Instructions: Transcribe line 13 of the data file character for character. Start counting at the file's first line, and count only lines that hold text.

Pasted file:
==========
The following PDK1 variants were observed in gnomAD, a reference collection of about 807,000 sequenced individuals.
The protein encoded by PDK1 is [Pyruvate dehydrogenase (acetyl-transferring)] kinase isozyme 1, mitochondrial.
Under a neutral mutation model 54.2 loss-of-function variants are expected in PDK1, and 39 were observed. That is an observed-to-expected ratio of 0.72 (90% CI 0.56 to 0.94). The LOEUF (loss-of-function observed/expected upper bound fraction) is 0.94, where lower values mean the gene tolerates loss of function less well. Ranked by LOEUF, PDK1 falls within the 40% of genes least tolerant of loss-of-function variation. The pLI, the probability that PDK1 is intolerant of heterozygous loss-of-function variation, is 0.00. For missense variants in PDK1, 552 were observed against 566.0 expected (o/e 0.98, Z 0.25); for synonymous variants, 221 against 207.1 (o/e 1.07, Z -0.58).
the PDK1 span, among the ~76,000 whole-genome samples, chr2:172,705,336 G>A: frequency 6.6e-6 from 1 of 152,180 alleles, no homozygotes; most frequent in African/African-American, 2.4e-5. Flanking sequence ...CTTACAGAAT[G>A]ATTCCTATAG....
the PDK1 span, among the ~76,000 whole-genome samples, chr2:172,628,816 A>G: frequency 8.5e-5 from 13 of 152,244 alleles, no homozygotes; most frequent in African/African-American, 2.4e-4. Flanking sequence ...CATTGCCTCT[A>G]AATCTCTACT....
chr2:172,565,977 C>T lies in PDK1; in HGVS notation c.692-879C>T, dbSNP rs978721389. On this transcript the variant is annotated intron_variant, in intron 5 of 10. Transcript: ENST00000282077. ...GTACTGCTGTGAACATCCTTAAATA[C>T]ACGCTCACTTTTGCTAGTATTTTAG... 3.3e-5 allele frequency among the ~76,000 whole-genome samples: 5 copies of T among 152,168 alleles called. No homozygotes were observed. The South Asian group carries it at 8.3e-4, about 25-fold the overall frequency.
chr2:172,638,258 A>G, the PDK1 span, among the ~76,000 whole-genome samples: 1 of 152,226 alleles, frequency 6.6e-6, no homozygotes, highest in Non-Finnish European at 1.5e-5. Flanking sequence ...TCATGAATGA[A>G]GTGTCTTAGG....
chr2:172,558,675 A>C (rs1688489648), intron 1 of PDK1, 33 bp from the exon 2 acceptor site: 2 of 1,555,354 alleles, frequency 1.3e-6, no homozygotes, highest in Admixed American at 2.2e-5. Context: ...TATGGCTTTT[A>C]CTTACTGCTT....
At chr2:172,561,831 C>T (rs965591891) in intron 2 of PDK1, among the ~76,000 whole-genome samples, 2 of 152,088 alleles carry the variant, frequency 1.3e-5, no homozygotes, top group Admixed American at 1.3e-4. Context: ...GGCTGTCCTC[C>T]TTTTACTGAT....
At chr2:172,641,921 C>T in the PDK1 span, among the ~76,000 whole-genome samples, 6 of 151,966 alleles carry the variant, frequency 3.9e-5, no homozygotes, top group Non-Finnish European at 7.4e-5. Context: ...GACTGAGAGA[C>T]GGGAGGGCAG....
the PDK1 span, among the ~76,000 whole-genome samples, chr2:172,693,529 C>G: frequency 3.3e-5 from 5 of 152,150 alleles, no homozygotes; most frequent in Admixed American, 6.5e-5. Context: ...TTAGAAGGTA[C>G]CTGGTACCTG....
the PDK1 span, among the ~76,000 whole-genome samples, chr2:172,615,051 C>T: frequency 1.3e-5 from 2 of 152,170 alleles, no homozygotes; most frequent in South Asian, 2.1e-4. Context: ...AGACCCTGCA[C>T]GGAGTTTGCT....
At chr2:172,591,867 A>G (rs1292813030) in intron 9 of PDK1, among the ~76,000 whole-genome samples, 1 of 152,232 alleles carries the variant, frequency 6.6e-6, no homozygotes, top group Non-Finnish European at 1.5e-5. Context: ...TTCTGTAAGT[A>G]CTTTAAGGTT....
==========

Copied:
At chr2:172,591,867 A>G (rs1292813030) in intron 9 of PDK1, among the ~76,000 whole-genome samples, 1 of 152,232 alleles carries the variant, frequency 6.6e-6, no homozygotes, top group Non-Finnish European at 1.5e-5. Context: ...TTCTGTAAGT[A>G]CTTTAAGGTT....